Malaysia’s digital economy expanded RM267.7 billion in 2018, contributing 18.5% to the national economy, according to the Department of Statistics.
However, the digital economy growth in Malaysia pace moderated to 6.9% year-on-year as compared with the 9.8% recorded in the previous year.
Information and communications technology (ICT) contributed 18.5% to the country’s gross domestic product (GDP) comprising gross value added of ICT industry (GVAICT) (12.6%) and e-commerce for non-ICT industries (5.9%).
Malaysia’s Chief Statistician said in a statement that the telecommunications services were the main impetus in ICT services, while ICT manufacturing was supported by electronic components & boards, communication equipment and consumer electronics.
Based on annual economic statistics 2018, ICT Services recorded a gross output value of RM144.8 billion with an annual growth rate value of 7.8% per annum.
The figure was in line with the rapid growth in gross output, as the value of intermediate input also increased RM8.4 billion thus resulting in a value-added of RM74.3 billion.
The telecommunications services’ gross output saw the highest annual growth rate of 9.9%.
It was highlighted that income through e-commerce transactions recorded a value of RM447.8 billion in 2017 against RM398.2 billion in 2015 with an annual growth rate of 6%.
Expenditure on e-commerce transactions recorded a value of RM228.8 billion in 2017 as compared to RM195.1 billion in 2015 with an annual growth rate of 8.3%.
The main contributor to e-commerce income and expenditure was the manufacturing sector.
The usage of computer and internet by establishment in 2017 showed that 78.9% used the computer while 76.3% used the internet.
Selangor recorded the highest percentage usage of computer and internet with 94.9% and 92.1%, respectively.
The percentage of individuals using the computer was 70.5% and the percentage of individuals using the internet was 81.2%.
Meanwhile, Putrajaya recorded the highest percentage of computer & internet usage by individuals and computer & internet access by households with 97.8% and 99.6%, respectively in 2018.
Budget 2020 to Push the Digital Economy Growth in Malaysia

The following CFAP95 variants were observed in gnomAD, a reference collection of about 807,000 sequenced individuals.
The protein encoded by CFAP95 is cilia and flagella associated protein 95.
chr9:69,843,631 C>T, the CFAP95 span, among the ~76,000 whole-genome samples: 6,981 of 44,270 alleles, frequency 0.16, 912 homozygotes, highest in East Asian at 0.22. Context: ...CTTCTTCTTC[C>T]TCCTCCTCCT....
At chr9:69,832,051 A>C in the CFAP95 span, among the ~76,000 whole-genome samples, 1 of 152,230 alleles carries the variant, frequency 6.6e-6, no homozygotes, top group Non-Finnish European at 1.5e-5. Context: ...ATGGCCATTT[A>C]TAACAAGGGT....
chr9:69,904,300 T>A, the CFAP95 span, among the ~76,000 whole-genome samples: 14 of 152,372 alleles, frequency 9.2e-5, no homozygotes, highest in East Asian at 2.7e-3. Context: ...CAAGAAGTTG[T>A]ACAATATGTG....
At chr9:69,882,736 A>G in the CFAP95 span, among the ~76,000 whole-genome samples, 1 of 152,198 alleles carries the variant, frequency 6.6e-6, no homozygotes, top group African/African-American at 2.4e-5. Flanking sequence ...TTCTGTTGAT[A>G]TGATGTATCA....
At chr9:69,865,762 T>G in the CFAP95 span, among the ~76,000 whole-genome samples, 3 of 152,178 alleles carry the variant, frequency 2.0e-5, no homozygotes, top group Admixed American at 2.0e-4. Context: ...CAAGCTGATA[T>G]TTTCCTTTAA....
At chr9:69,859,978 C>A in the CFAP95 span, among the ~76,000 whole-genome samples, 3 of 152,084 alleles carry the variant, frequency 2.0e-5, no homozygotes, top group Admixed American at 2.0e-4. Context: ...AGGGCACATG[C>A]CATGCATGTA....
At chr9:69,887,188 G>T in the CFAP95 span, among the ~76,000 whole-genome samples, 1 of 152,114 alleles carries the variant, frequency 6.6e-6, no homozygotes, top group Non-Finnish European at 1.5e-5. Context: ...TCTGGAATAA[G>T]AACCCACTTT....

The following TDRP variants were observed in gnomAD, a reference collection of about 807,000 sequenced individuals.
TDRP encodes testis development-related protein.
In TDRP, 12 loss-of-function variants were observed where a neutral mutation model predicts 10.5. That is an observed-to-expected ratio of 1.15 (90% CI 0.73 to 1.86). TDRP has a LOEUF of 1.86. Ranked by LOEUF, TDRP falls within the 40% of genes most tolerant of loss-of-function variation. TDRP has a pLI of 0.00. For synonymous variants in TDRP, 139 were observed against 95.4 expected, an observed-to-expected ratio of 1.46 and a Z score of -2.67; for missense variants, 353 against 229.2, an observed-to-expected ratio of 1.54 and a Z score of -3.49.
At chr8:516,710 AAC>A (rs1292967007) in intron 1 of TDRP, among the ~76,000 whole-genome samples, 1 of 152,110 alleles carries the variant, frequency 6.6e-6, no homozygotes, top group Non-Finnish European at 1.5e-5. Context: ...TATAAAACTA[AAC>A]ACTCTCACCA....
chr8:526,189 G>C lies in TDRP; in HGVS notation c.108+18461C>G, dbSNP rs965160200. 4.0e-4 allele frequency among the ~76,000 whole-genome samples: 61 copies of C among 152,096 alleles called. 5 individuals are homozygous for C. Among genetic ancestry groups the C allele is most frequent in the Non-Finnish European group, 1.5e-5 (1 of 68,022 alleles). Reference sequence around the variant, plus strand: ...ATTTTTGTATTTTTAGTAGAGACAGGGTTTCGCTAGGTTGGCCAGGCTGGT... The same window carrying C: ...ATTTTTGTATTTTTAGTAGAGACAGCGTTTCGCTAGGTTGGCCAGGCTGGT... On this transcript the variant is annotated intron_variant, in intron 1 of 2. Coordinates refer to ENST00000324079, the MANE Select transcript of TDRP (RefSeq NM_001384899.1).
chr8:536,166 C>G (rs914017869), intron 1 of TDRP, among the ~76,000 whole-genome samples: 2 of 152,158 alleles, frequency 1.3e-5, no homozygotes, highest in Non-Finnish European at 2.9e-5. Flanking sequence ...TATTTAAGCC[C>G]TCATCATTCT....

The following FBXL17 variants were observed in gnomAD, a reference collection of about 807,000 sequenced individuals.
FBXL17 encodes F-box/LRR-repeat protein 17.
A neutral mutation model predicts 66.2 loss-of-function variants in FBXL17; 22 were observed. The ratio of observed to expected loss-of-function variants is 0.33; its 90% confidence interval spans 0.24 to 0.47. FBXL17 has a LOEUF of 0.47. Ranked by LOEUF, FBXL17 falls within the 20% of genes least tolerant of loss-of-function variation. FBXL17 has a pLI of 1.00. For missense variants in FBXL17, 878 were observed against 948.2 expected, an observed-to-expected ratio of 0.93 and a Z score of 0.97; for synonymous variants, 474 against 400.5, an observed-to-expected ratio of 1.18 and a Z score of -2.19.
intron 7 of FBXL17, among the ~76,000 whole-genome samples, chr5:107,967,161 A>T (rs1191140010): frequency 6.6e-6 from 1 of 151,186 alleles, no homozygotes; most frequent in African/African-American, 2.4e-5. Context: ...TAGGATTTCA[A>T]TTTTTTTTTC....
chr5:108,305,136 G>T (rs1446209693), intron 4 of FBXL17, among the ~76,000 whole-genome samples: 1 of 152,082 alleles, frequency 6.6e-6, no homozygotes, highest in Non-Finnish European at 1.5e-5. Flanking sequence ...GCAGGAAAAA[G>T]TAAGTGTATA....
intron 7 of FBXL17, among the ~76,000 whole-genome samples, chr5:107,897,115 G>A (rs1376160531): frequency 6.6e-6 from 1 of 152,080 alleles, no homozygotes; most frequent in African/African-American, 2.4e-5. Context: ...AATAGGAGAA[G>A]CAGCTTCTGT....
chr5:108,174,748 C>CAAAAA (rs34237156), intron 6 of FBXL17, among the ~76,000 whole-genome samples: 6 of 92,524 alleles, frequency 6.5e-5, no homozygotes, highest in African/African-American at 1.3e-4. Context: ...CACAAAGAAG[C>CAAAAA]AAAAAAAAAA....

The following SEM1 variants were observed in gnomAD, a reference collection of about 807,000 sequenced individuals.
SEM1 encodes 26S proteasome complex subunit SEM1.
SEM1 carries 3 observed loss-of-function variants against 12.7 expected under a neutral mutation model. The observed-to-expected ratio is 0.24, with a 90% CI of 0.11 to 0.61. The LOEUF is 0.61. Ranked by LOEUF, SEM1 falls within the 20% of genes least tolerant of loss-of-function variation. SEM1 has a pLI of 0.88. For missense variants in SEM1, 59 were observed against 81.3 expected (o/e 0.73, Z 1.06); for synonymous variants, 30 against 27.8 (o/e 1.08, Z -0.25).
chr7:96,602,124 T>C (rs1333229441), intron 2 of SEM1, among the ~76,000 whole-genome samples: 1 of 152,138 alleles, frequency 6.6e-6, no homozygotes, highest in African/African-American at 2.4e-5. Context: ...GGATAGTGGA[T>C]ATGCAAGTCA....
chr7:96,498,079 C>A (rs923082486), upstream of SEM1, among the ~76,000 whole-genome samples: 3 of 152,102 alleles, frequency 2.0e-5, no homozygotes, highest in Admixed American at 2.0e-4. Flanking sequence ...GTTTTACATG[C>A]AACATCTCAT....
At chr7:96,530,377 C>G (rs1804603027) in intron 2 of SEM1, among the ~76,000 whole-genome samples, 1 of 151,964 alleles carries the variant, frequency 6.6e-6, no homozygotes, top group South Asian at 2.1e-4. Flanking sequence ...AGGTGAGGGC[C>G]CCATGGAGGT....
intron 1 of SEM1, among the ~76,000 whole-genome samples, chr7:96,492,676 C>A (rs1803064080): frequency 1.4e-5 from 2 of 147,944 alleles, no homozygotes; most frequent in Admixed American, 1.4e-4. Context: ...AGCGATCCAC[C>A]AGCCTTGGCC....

- According to another article, the 2020 Budget demonstrates that the local technology industry is continuing to get much attention from the government, which is intent on further boosting the capabilities of local SMEs and start-ups, strengthening digital content, embracing digitisation, enhancing e-commerce, and adopting 5G technology.
- Local technology players, industry associations and tech agencies, in general, applaud the various allocations set aside towards making Malaysia a stronger player and contender in the technology arena, both locally and abroad.
- The budget emphasises shared responsibility to ensure that the fruits of development are distributed at each stage of the value chain and to the rakyat at large.
- Malaysia is poised to be a digital-first economy with a robust digital and social infrastructure that works towards bridging the opportunity divide in our journey to become a high-income nation.
- The core measure undertaken in the budget will help further fuel the digital economy, drive growth for SMEs and enterprises, enhance workforce skills development, as well as allowing education access for all.
- Among the key thrust areas in the 2020 Budget is to fortify the digital economy with efforts to improve the physical and digital infrastructure that powers up the IR4.0 revolution.
- With digital transformation set to contribute US$10 billion to Malaysia’s GDP by 2021, the government’s move to enhance our nation’s digital infrastructure is undoubtedly a step forward towards a stronger, more resilient economy.
- These efforts will help cement Malaysia’s position as a tech powerhouse in the region, drawing in more investments from foreign companies, whilst also creating more job opportunities for Malaysians.
- Companies welcome the government’s direction to encourage a cashless community. However, only eight percent of Malaysians use e-wallets. A progressive, cashless economy would help micro-entrepreneurs and SMEs grow without the cost, burden and safety concerns that come with managing cash.